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Watching your dog age is difficult. In fact, it can be one of the most emotional periods of your life. And if you have an elderly dog whom you know is on his way out, it’s doubly difficult. You’ve accepted that it’s almost time to go, and your only goal is to make your dog as comfortable as possible. You’re not alone in that goal. At East Valley Animal Hospital, we know how much you love your dog because we are dog owners ourselves. Here is all you need to know about hospice care for dogs. 

Defining “Hospice Care” for Dogs

When we use the term “hospice,” we aren’t referring to a physical hospital where dogs can go. We’re referring to at-home care you can provide so your dog is comfortable in his final days. That isn’t to say you’ll be alone in providing hospice to your dog. You should always have a veterinarian in the loop. Your vet will prescribe and monitor your dog’s medication and keep an eye on his symptoms. We will be your partner in maintaining a peaceful, comfortable environment for your dog. 

When Is Palliative Care Needed?

It is essential that you pay frequent visits to the vet as your dog ages. As he nears the end of his life, health problems will appear more often. Some of these issues are treatable, but some can only be eased, instead of cured. Your dog may require palliative care if he develops:

  • Cancer. Cancer in older dogs is not always worth the pain and stress it would cause to treat. Sometimes it is treatable, but with older dogs, it’s often better to think about quality of life. 
  • Kidney failure. When your dog’s kidneys stop functioning, the rest of the body gradually shuts down. 
  • Another irreversible illness, such as heart or gastrointestinal diseases.
  • An inability to walk. Your dog’s joints may stiffen and weaken due to a chronic condition like arthritis. When it gets to the point where he can no longer walk, it is time to think about his quality of life.

Your vet will diagnose these conditions and keep you updated on your dog’s prognosis—we will be upfront with you and give you the details gently but honestly depending on what is in the best interest of your dog.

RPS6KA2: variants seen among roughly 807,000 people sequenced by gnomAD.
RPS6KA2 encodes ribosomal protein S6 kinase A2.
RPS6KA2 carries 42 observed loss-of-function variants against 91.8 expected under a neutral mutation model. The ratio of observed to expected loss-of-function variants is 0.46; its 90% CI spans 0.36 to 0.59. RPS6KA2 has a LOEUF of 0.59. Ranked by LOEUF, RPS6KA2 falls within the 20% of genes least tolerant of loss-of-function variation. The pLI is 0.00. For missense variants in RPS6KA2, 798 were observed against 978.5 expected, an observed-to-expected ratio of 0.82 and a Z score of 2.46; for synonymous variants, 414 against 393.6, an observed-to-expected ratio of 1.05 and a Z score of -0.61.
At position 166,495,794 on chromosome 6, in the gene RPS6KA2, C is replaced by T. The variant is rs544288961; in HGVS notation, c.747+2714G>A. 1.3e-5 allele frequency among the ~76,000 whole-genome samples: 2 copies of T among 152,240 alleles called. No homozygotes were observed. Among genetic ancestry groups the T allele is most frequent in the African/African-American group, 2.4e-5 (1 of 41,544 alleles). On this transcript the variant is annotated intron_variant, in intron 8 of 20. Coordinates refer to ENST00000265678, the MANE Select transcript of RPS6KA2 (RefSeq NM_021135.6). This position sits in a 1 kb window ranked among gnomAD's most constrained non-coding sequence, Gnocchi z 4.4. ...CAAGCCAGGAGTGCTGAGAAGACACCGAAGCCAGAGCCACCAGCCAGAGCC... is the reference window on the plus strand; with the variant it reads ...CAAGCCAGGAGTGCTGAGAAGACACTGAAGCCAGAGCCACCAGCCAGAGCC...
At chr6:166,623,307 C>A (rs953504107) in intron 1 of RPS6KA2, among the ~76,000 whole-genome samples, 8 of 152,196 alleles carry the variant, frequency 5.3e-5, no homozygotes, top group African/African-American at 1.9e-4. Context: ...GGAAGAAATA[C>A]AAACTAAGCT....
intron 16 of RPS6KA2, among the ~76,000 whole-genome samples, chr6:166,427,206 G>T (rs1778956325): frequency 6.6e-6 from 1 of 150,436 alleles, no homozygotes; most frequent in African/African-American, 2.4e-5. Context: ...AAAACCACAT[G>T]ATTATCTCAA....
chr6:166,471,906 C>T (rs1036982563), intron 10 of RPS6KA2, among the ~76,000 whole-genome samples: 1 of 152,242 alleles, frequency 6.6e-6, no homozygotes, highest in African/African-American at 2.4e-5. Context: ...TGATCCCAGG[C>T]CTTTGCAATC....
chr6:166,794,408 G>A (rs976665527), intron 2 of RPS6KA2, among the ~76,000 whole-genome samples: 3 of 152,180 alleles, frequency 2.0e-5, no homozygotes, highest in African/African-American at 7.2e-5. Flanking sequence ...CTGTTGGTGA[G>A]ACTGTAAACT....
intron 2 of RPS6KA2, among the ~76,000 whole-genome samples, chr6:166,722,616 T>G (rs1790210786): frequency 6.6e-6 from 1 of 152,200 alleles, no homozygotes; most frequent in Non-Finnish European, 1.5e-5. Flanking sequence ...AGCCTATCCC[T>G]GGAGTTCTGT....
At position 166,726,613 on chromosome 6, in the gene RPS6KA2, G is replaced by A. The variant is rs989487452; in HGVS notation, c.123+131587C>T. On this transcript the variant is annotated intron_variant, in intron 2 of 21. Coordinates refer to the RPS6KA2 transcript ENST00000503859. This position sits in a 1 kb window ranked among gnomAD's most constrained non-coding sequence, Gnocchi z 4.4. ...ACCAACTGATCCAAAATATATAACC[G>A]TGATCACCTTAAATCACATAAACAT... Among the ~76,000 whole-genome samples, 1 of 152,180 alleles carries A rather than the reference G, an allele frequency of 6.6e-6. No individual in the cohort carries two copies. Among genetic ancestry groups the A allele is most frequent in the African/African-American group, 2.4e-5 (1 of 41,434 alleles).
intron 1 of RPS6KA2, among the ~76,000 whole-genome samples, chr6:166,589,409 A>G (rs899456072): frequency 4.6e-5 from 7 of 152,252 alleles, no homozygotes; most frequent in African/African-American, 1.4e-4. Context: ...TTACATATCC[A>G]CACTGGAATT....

Medical Treatment 

Hospice care for dogs may involve drug and/or alternative therapies:

  • Nonsteroidal anti-inflammatory drugs (NSAIDs). NSAIDs are useful in managing your dog’s pain. You can administer them yourself, but do not do so without talking to your vet first. Never self medicate as human NSAIDs are toxic to dogs. 
  • Steroids or opioids may be prescribed. Again, do not administer pain medication without a prescription from your vet.
  • Laser therapy has proven very effective in managing dogs’ pain. It is both useful and safe for dogs with some terminal illnesses. 

These treatments are painless and fast-acting. They’ll be a key element in keeping your dog comfortable and happy at the end of his life. 

The Most Important Medicine

Your dog has spent his life being your buddy, your companion, your best friend. You love him beyond words, and he feels the same way. Throughout his last days, nothing will make your dog happier than having you right by his side. 

That isn’t to say you aren’t allowed to be sad. If the gravity of the situation doesn’t hit you immediately, it will. And that’s okay. You and your dog have each other in this difficult time, and your presence in his time of need is invaluable.


Caring Vet in Gilbert 

Providing hospice care for dogs is hard. But we’re here to make it easier for you. When the time comes, East Valley Animal Hospital will be right by your, and your dog’s, side during this painful process. 

Image by Ralph on Pixabay.

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